Ever just been in a funk? Yeah, me neither. Ha!
I’ve sort of been in a funk all summer. I think it all started when the crazy hit around here in March and situations we could not control began having a profound impact on our home, our family, and our attitudes. And it’s really hot. I mean record-breaking hot. I am a very grumpy hot person.
At any rate, somehow all this heat and grumpiness and funk has resulted in very little patience and grace with my girl. She’s 12, you know, and she’s good at it. We’ve got hormones and attitude and eye rolling in abundance around here. (Can I get a witness from another pre-teen momma?)
But I’m calling my attitude what it is: selfish and sinful. I realized I might need to get some input from some other parents to help me get back on track. So I spent a few hours skimming through a couple of my well-worn books on parenting and found some encouragement and wisdom (and a little bit of conviction).
Grace-Based Parenting by Tim Kimmel. Oh. My. Word. I love this book – and I wasn’t expecting to. It had been touted as a “must read” by several people whose parenting philosophy was the total opposite of mine. I was prepared for a judgmental tome that legalistically required homeschooling, stay-home-daughtering, and daily family devotions as the sole path to a well-adjusted child. I was totally wrong! Here’s one of my favorite quotes:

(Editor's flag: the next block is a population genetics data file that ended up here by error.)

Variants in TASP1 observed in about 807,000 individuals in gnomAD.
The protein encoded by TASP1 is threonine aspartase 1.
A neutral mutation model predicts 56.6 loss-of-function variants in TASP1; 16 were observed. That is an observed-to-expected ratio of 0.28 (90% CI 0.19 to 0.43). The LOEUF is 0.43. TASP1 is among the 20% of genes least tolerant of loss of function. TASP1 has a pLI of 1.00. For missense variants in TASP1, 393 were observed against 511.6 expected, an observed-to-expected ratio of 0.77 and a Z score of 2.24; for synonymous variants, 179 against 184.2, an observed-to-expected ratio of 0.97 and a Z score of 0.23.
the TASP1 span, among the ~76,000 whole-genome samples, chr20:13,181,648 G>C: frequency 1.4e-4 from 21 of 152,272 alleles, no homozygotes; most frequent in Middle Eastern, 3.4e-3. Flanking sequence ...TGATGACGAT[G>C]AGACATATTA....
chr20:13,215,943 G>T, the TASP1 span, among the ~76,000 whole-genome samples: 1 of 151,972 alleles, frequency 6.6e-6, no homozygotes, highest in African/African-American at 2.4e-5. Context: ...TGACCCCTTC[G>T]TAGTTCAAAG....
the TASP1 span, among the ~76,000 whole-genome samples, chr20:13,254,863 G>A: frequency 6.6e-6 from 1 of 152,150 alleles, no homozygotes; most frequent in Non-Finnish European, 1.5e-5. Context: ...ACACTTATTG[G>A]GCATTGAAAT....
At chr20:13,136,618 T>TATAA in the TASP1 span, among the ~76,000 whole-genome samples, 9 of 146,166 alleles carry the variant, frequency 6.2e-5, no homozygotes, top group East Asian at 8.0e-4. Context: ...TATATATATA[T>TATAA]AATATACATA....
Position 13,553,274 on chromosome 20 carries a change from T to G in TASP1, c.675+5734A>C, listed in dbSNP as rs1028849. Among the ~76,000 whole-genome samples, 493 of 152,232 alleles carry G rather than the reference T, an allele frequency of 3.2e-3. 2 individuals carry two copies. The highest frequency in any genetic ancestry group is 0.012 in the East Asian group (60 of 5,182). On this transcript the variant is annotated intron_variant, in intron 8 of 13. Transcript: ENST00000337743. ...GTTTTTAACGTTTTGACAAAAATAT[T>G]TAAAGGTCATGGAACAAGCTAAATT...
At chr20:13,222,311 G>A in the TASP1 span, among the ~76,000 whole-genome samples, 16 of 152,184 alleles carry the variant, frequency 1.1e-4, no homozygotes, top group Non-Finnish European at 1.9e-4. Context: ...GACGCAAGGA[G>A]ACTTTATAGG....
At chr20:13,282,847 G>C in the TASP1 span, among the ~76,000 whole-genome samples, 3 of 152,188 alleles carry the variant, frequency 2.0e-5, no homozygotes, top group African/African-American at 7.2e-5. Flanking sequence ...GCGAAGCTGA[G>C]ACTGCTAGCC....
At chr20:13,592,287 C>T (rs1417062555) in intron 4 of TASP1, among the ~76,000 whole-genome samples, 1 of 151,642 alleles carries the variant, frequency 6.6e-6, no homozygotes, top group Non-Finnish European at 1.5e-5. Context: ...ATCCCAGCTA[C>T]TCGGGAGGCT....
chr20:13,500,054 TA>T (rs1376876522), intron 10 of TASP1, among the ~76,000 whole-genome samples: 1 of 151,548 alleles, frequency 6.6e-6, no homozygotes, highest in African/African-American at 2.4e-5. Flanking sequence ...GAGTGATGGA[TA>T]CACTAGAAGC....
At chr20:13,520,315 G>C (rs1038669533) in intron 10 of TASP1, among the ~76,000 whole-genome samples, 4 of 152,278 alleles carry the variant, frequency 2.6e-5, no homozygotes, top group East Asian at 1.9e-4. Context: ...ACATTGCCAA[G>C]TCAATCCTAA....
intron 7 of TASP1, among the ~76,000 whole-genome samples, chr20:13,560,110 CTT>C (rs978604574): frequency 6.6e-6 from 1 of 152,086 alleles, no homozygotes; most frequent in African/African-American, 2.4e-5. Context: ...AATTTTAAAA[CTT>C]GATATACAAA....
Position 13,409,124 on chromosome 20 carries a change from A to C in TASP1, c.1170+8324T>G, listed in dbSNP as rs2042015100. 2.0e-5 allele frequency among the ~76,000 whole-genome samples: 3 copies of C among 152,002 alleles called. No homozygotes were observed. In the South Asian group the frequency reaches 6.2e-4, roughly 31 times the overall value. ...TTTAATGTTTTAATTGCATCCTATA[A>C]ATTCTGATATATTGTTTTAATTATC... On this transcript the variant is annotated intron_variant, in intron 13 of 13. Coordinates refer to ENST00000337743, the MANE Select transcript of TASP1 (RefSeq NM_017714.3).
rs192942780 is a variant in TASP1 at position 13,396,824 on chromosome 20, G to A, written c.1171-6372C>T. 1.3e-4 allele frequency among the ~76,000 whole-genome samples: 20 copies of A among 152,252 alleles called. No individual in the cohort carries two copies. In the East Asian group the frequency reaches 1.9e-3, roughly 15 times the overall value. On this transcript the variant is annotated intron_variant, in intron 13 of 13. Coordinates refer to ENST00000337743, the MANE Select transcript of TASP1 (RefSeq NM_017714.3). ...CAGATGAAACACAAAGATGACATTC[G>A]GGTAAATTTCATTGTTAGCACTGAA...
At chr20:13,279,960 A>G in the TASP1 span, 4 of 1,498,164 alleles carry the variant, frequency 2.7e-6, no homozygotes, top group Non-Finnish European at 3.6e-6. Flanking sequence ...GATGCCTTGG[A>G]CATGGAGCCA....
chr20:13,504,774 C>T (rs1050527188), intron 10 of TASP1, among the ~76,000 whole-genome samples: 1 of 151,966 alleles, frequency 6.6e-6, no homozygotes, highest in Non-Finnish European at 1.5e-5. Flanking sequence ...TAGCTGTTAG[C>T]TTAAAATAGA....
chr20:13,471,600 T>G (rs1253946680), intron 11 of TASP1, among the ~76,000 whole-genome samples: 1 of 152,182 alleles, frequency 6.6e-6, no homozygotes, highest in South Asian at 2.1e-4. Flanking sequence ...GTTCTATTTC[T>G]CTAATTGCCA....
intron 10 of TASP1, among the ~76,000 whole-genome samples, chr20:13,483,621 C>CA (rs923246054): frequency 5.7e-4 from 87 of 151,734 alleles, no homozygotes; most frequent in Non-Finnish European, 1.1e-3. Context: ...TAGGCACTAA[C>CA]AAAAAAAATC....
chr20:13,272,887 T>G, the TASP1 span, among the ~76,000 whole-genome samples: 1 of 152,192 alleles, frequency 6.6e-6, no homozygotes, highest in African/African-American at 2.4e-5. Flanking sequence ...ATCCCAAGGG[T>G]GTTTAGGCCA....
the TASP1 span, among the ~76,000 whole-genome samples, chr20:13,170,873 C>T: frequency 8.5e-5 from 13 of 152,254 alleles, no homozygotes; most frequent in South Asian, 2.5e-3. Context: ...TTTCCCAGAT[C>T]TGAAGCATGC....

Since how children turn out is far more contingent on what is going on inside them than outside them, unnecessarily tight boundaries undermine the desire of the Holy Spirit, who is working to build a sense of moral resolve in their hearts. (5)
Growing Great Kids by Kate Battistelli has been a challenging book for me this summer. When Kate graciously sent me a copy, I was so excited. After all, she has successfully raised an amazing only child – and that is a very elite club! But her book humbled me. As I read page after page of Kate’s willingness to lay aside her own dreams and pursuits to give Francesca the very best opportunities they could, I was convicted of my own selfishness in parenting. And her words on our words as parents, well, let me just say, “Ouch!”
What do your words say about your child? Are you speaking life or death to her dreams, desires, talents, and gifts? Belittling her or building her up? If God created the universe with a word, does it make sense then to believe there is creative power in our words as well? … Words cost nothing, but they can change everything! (25-26)
My two takeaways from reading these past few days:
Remember to hear what she’s not saying and remember to say what I want her to hear!
What is your favorite book or quote about parenting?
affiliate links included in this post. if you purchase through them, i will receive a small commission.